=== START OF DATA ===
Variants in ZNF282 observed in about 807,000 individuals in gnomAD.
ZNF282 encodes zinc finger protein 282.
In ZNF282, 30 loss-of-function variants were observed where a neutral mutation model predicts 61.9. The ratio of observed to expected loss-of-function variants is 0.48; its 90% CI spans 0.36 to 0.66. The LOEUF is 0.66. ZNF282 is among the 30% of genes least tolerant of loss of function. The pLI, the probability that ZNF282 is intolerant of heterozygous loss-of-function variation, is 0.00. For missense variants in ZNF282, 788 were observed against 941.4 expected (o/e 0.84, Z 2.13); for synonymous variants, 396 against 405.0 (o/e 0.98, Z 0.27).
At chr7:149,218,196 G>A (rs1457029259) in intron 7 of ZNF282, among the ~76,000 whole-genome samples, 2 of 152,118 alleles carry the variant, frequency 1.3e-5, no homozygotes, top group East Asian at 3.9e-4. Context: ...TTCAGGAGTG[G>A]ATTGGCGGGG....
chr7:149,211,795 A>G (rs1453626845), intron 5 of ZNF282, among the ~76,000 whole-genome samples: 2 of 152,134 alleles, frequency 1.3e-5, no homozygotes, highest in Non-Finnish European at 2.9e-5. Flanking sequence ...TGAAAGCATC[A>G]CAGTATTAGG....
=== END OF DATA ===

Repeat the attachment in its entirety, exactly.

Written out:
Variants in ZNF282 observed in about 807,000 individuals in gnomAD.
ZNF282 encodes zinc finger protein 282.
In ZNF282, 30 loss-of-function variants were observed where a neutral mutation model predicts 61.9. The ratio of observed to expected loss-of-function variants is 0.48; its 90% CI spans 0.36 to 0.66. The LOEUF is 0.66. ZNF282 is among the 30% of genes least tolerant of loss of function. The pLI, the probability that ZNF282 is intolerant of heterozygous loss-of-function variation, is 0.00. For missense variants in ZNF282, 788 were observed against 941.4 expected (o/e 0.84, Z 2.13); for synonymous variants, 396 against 405.0 (o/e 0.98, Z 0.27).
At chr7:149,218,196 G>A (rs1457029259) in intron 7 of ZNF282, among the ~76,000 whole-genome samples, 2 of 152,118 alleles carry the variant, frequency 1.3e-5, no homozygotes, top group East Asian at 3.9e-4. Context: ...TTCAGGAGTG[G>A]ATTGGCGGGG....
chr7:149,211,795 A>G (rs1453626845), intron 5 of ZNF282, among the ~76,000 whole-genome samples: 2 of 152,134 alleles, frequency 1.3e-5, no homozygotes, highest in Non-Finnish European at 2.9e-5. Flanking sequence ...TGAAAGCATC[A>G]CAGTATTAGG....